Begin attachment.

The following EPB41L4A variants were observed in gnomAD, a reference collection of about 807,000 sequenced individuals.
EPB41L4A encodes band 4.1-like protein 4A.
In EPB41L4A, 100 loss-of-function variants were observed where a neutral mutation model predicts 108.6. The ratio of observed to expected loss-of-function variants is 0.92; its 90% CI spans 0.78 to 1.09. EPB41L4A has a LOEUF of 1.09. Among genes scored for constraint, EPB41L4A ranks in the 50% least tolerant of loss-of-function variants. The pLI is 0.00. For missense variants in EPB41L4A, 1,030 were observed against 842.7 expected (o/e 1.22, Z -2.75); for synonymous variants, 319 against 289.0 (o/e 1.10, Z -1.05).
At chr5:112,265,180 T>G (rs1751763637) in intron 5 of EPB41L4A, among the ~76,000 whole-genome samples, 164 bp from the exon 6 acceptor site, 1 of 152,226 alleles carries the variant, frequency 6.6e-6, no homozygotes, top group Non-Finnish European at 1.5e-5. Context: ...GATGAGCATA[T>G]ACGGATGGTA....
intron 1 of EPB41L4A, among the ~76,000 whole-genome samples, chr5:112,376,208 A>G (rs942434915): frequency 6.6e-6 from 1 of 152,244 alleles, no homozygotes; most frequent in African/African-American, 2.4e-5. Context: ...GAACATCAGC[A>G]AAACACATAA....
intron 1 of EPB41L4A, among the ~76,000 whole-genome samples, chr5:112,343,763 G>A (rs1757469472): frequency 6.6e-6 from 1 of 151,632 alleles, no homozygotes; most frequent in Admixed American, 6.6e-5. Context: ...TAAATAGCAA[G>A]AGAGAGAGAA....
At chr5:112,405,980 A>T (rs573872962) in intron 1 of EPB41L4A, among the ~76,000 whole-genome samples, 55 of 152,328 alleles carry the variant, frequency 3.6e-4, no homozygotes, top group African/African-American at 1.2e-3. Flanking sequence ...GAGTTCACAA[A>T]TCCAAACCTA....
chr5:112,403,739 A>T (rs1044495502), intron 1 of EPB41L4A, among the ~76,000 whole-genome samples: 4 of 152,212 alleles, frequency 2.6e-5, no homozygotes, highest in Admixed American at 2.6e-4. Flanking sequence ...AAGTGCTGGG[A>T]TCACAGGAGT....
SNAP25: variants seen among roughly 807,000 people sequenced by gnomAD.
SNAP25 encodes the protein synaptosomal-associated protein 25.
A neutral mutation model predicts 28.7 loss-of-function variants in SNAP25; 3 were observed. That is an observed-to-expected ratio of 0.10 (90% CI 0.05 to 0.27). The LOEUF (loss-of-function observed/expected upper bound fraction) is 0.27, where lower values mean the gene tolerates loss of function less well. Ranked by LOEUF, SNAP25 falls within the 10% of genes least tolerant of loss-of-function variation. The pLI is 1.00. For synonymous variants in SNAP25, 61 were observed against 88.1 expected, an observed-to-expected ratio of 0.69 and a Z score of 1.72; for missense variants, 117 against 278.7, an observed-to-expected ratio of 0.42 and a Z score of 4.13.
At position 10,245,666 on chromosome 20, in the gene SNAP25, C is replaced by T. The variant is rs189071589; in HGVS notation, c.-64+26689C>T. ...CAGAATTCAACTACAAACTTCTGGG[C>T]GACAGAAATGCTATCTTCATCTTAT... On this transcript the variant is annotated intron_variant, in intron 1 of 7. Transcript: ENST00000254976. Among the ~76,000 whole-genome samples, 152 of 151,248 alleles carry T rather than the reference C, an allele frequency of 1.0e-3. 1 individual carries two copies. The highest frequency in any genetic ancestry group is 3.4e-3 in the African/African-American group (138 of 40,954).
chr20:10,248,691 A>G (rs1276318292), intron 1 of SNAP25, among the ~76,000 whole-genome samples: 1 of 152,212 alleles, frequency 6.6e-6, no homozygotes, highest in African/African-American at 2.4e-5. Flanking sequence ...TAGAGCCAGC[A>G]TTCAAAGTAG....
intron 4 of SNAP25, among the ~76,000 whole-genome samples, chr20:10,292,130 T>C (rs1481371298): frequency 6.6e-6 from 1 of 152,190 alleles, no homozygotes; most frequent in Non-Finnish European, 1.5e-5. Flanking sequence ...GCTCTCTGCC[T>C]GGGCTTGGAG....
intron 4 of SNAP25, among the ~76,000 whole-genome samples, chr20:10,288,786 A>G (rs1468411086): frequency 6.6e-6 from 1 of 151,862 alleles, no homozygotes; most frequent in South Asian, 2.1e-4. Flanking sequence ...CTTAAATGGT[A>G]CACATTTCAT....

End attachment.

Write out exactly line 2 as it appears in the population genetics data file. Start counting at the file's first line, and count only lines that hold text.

EPB41L4A encodes band 4.1-like protein 4A.